Studies of marketplaces in the global North have often conceptualized markets as important public spaces of social encounter and conviviality where visitors, regardless of race, age, class or gender, feel they have an equal right to be. Yet comparatively little has been written about how inclusive European marketplaces are for the traders who (want to) work there. In this article we argue that the common conception of marketplaces as accessible to everyone, and as vehicles of socioeconomic mobility, is oversimplistic and romanticized. We draw on empirical data from marketplaces in four European countries to focus on the more or less informal ways in which markets are regulated by managers and traders themselves, and on the exclusionary and inclusionary effects of this process that may ultimately determine traders’ access to and success in these markets. This article not only challenges dominant conceptions of marketplaces as accessible and inclusive, but also addresses prevalent stereotypes about economic practices in the global North and assumptions about the ways in which these differ from practices in the global South.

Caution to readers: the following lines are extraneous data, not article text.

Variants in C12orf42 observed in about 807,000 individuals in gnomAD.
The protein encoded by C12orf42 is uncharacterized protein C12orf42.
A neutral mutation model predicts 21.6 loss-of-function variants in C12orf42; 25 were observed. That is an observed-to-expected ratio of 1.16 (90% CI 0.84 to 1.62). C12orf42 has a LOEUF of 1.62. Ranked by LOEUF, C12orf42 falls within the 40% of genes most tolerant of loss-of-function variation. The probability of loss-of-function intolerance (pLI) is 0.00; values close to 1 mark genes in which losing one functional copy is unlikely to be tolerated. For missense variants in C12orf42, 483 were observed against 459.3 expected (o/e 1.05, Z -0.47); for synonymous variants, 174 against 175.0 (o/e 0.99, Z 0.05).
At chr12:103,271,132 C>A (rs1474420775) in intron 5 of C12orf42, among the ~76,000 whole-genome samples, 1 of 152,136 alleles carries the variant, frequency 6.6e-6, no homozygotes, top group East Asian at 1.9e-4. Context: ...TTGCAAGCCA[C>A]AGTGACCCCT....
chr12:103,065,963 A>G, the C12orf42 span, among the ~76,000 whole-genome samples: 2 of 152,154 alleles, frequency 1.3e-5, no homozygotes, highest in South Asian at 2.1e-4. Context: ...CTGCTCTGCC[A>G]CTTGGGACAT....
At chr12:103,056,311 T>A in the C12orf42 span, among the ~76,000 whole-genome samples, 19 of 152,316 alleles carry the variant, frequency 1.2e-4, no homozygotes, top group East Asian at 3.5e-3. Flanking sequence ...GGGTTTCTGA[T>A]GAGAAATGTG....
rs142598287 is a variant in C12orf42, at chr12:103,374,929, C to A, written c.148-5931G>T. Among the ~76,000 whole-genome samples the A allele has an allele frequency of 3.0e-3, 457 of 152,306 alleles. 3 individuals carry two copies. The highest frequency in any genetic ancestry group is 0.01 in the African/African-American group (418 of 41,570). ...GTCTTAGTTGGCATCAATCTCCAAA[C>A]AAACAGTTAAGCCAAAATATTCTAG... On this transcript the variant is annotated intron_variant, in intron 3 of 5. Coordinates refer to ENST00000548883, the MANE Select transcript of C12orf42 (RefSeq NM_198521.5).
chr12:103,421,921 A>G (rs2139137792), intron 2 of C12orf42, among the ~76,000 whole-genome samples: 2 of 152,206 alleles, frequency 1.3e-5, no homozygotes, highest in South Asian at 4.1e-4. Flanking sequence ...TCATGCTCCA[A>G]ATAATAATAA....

Current Issue Articles
Gunvor Jónsson, Maria Lindmäe, Joanna Menet, Emil Van Eck
Digital Object Identifier (DOI)